New Mexico May Revoke License of Company Behind Extraction Fire

New Mexico officials may revoke the license of New Mexicann Natural Medicine after a fire from a botched extraction process seriously injured two workers last October.

Full story after the jump.

New Mexico regulators are considering revoking the license of the company that operated the facility where two workers were seriously injured in a fire last October, the Associated Press reports. The accident at New Mexicann Natural Medicine occurred during the extraction process when a mixture of ethanol and cannabis oil spilled onto a heater plate.

It was the second fire, described prior to the investigation as an explosion, at the facility that caused injuries over five years.

Officials contend that New Mexicann didn’t train staff on how to properly use the equipment. The Health Department immediately suspended the company’s manufacturing license following the incident. According to the December 21 notice outlined by the Santa Fe New Mexican, the producer violated medical cannabis program regulations by not using a closed-loop system to make concentrates and by instructing employees to stir the contents of the open container during the extraction process without directing them to turn off or cool the heater plate first.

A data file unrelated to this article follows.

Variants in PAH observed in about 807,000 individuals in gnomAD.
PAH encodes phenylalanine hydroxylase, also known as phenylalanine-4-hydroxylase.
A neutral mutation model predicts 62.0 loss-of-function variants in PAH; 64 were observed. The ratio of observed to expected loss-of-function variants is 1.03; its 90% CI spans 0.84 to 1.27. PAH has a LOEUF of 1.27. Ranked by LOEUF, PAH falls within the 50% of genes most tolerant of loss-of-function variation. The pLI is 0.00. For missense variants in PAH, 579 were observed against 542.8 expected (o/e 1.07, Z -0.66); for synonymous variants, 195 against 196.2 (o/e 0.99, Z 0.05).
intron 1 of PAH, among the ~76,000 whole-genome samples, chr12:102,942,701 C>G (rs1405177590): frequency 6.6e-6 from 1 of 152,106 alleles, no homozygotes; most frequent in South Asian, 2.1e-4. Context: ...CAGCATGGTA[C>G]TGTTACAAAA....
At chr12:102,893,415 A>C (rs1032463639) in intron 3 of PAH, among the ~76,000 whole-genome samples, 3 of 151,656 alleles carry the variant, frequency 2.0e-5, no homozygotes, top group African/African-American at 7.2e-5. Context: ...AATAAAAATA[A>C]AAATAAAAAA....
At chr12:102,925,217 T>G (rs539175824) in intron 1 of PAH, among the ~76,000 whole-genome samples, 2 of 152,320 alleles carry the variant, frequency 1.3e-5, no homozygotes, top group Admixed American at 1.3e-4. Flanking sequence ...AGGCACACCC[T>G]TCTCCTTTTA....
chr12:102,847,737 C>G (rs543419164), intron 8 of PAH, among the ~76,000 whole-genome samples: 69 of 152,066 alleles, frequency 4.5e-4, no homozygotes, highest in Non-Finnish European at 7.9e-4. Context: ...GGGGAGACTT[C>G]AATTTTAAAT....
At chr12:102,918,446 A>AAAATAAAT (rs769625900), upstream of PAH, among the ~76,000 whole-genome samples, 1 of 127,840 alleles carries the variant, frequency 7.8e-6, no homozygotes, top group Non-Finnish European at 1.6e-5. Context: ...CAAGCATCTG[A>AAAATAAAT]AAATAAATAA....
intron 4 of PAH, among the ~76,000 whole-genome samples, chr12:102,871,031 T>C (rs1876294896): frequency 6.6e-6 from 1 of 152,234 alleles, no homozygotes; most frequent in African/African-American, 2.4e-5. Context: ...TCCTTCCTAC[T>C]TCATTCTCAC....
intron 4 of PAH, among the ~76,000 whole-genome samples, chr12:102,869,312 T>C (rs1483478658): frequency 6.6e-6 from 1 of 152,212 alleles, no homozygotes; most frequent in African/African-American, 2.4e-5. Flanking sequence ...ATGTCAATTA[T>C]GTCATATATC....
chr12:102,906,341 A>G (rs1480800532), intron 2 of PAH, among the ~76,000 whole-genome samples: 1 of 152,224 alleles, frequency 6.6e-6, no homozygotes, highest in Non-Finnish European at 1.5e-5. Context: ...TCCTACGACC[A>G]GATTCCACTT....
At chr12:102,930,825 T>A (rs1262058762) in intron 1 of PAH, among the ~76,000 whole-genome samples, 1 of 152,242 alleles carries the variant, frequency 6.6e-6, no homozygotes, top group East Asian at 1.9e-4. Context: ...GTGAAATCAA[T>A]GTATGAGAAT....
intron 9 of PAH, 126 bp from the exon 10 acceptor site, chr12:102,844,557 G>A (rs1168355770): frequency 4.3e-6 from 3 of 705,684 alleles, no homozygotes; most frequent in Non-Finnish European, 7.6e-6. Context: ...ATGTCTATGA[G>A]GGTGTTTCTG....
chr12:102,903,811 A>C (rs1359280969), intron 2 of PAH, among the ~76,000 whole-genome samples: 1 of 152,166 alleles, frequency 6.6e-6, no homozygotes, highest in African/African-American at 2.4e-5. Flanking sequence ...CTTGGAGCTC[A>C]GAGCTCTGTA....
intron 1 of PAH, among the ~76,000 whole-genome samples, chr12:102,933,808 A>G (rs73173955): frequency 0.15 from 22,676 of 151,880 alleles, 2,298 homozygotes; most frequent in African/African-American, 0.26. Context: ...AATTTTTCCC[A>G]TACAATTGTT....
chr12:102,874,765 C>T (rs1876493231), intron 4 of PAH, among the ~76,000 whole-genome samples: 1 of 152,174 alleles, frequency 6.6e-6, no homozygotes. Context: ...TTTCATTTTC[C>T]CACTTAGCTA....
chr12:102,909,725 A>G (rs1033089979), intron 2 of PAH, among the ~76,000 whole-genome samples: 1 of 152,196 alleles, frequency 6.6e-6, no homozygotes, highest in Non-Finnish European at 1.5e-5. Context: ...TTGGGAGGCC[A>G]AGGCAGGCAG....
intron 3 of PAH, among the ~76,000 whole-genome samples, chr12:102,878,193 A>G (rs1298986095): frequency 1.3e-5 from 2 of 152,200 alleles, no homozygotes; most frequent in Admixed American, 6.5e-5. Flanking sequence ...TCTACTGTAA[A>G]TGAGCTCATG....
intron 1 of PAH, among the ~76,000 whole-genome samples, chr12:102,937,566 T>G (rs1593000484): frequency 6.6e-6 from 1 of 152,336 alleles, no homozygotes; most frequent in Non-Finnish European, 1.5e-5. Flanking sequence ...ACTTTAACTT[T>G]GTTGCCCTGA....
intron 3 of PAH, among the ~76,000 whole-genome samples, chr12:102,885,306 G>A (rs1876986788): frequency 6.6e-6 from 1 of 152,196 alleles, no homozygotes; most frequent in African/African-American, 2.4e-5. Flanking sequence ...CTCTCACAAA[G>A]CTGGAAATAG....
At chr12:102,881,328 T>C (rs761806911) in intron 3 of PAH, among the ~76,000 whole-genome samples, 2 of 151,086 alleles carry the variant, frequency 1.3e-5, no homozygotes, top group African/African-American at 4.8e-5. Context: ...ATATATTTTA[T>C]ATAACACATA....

“By lifting an open extraction vessel containing an ethanol-based solution in the immediate vicinity of an active heater plate, New Mexicann engaged in conduct that showed a willful and reckless disregard for health and safety.” – Medical Cannabis Program Director Dominick Zurlo, in the notice, via the New Mexican

A previous fire at the plant in 2015 severely burned two employees involved in the extraction process. Following that incident, Occupational Safety and Health Administration cited the company for 12 “serious” health and safety violations and fined it $13,500. The state Occupational Safety and Health Bureau cited the company for seven serious violations and levied a $7,250 fine for that accident, according to NM Political Report.

A hearing for the matter was reportedly scheduled for January 4 but was rescheduled.

New Mexicann has been licensed in the state since 2009.

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